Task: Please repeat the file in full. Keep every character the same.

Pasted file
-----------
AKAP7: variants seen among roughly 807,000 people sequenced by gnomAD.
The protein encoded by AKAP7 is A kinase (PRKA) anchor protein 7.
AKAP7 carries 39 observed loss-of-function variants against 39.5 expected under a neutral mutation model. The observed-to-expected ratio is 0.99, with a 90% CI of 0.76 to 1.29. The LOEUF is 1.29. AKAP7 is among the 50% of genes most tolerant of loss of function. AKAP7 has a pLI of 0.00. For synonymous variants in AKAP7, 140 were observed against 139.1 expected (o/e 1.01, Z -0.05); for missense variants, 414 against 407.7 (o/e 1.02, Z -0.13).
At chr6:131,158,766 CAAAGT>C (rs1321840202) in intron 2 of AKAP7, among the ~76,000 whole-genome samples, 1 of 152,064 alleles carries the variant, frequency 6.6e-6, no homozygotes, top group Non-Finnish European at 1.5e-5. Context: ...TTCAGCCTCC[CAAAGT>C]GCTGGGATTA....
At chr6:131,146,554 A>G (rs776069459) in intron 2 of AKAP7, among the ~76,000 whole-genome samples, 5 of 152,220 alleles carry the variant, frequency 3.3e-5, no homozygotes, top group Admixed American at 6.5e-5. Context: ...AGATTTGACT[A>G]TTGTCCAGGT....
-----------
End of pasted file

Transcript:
AKAP7: variants seen among roughly 807,000 people sequenced by gnomAD.
The protein encoded by AKAP7 is A kinase (PRKA) anchor protein 7.
AKAP7 carries 39 observed loss-of-function variants against 39.5 expected under a neutral mutation model. The observed-to-expected ratio is 0.99, with a 90% CI of 0.76 to 1.29. The LOEUF is 1.29. AKAP7 is among the 50% of genes most tolerant of loss of function. AKAP7 has a pLI of 0.00. For synonymous variants in AKAP7, 140 were observed against 139.1 expected (o/e 1.01, Z -0.05); for missense variants, 414 against 407.7 (o/e 1.02, Z -0.13).
At chr6:131,158,766 CAAAGT>C (rs1321840202) in intron 2 of AKAP7, among the ~76,000 whole-genome samples, 1 of 152,064 alleles carries the variant, frequency 6.6e-6, no homozygotes, top group Non-Finnish European at 1.5e-5. Context: ...TTCAGCCTCC[CAAAGT>C]GCTGGGATTA....
At chr6:131,146,554 A>G (rs776069459) in intron 2 of AKAP7, among the ~76,000 whole-genome samples, 5 of 152,220 alleles carry the variant, frequency 3.3e-5, no homozygotes, top group Admixed American at 6.5e-5. Context: ...AGATTTGACT[A>G]TTGTCCAGGT....